January Housing Market Report
Nationally, the number of homes listed in January was 326,312, down an average of 9.1% compared to January 2021. However, homes continue to sell at a rapid pace. The typical home spent 61 days on the market in January, ten days less than in January 2021, and more quickly than any January going back to 2017.
Realtor.com reports the outlook for home price growth and low inventory levels will likely continue for several months into 2022.11
Home Median List Price Remains Flat 4
- According to Realtor.com, the median list price of homes for sale in January was $375,000, the same as in December.
- January’s home median price is 10.33% higher than January 2021 ($339,900) and up 25.0% compared to January 2020 ($299,900).
- Home median prices reached a high of $385,000 in June and July.
January Existing-Home Sales Declined After Increasing for Three Straight Months 1, 5, 6
- December sales of existing homes (including single-family homes, townhomes, condominiums, and cooperatives) fell 4.6% to 6.18 million units (SAAR) from the November pace of 6.48 million (revised upward), which is 7.1% below December 2020, according to the National Association of Realtors® (NAR).
- December home sales were down in all four HUD Census regions.
- Interest rates are low, but lean inventories and house price growth are constraining sales.
- Existing-home sales for all of 2021 were 8.5% higher than 2020 (6.12 million units), which is the strongest pace since 2006.
New Home Construction Increased 2
Total housing starts rose 1.4% in December to 1.70 million units (SAAR), up 2.5% from December 2020. Construction material costs and labor shortages continue to constrain homebuilding.
- Single-family housing starts declined 2.3% to 1.17 million homes (SAAR) in December from November’s pace of 1.20 million (revised upward) and were 10.9% lower than December 2020.
- New construction of single-family homes increased 13.4% in all of 2021 compared to 2020.
- Multifamily housing starts (5+ units in a structure), at 524,000 units (SAAR) in December, increased 13.7% from 461,000 units in November and were 56.0% higher than 2021.
- Multifamily homes increased 22.1% for all of 2021 compared with 2020.
- For all of 2021, total construction of new homes reached 1.595 million units, 15.6% higher than in 2020 (1.380 million units) and the strongest pace since 2006.
Year-Over-Year Home Price Increases Remained High in November 2, 7, 8
- Year-over-year home price annual gains ranged from 17.5% to 18.3% as of November.
- The Federal Housing Finance Agency (FHFA) seasonally adjusted purchase-only house price index for November estimates home values increased 1.12% from October and 17.5% year-over-year.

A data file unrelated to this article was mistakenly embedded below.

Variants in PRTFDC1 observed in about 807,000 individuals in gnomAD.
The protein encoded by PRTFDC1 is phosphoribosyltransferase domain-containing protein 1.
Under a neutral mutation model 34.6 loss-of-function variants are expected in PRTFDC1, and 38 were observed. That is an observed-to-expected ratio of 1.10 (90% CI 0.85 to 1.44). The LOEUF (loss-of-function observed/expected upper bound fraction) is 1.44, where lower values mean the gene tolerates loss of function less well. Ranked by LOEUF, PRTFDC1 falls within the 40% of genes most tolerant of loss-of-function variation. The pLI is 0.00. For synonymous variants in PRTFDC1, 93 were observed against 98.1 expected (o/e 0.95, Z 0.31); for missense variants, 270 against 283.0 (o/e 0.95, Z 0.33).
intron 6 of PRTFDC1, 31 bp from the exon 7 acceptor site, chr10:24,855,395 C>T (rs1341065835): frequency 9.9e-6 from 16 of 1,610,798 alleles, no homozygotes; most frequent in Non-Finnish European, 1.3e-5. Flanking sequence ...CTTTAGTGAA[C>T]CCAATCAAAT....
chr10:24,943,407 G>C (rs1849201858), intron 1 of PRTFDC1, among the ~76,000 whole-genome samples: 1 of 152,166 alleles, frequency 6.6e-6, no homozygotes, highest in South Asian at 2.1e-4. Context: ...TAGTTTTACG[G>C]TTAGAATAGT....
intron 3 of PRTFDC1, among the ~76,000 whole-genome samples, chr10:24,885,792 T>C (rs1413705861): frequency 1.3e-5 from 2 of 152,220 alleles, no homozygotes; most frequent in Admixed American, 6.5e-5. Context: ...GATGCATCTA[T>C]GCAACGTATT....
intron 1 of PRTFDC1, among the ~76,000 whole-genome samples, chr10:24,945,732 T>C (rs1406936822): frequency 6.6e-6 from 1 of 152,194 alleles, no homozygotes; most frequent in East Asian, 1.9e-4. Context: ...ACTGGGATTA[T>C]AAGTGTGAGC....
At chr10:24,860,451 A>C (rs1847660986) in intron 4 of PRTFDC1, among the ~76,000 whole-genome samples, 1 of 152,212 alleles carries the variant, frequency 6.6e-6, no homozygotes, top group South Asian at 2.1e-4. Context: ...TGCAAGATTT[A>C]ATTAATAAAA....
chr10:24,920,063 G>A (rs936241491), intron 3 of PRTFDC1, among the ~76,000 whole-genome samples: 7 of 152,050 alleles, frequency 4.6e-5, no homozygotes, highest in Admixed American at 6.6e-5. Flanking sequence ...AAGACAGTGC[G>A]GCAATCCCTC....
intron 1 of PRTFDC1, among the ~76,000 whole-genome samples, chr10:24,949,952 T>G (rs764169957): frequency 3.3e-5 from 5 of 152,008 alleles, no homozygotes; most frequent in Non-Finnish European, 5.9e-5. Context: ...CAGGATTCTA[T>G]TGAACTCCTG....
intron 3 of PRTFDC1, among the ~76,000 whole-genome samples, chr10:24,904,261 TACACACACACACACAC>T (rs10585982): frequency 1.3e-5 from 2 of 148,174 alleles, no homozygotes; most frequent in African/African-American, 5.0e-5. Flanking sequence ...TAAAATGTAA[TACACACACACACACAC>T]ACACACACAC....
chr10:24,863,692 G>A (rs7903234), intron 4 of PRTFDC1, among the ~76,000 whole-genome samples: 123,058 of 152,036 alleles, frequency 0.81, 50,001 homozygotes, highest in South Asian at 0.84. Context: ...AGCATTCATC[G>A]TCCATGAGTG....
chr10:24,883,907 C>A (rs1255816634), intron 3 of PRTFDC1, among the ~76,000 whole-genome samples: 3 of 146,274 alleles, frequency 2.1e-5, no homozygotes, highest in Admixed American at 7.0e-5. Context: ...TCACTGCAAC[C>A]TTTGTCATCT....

- The FHFA index shows that U.S. home values are 61% above the housing bubble peak set in April 2007.
Existing Homes For Sale Reached a Record Low While the Inventory of New Homes For Sale Rose 2
- The listed inventory of new homes for sale at the end of December (403,000 units) increased 1.5% from November, up 34.8% year-over-year.
- The current inventory of new homes for sale would support 6 months of sales at the current sales pace, down from November (6.6 months) because of an increase in December sales.
- Existing homes for sale reached a record low of 910,000 units in December, down 18% from November and 14.2% from December 2020 (1.06 million units).
- The current inventory of existing homes for sale represents a 1.8-month supply, also a record low, which is down from November (2.1 months).
- The long-term average for months’ supply of homes on the market is 6.0 months.
The 30-Year Fixed-Rate Mortgage (FRM) Remains Above 3% 2, 10
- The average weekly 30-year FRM for the week ending January 6 was 3.22%, up from a low in December of 3.05% the week ending December 23.
- The weekly average 30-year FRM climbed steadily in January.
- A year ago, the average weekly 30-year FRM hit a historic low of 2.65% the week of January 7, 2021.
1 Realtor.com residential listings database
2 HUD Housing Market Indicators Monthly Update January 2022
3 New home sales are based on purchase agreement signings rather than on closings, as with existing homes.
4 Zillow United States Home Values
5 Because existing-home sales are based on a closing, December sales reflect contract signings in October and November.
6 National Association of Realtors
7 Federal Housing Finance Agency (FHFA)
8 The home price data for both indices are based on real estate sales contracts signed in late September and October, with subsequent closings during November. (Both price indices are released with a 2-month lag.)
9 Freddie Mac
10 FRED, Federal Reserve Bank of St. Louis
11 Realtor.com January 2022 Monthly Housing Market Trends Report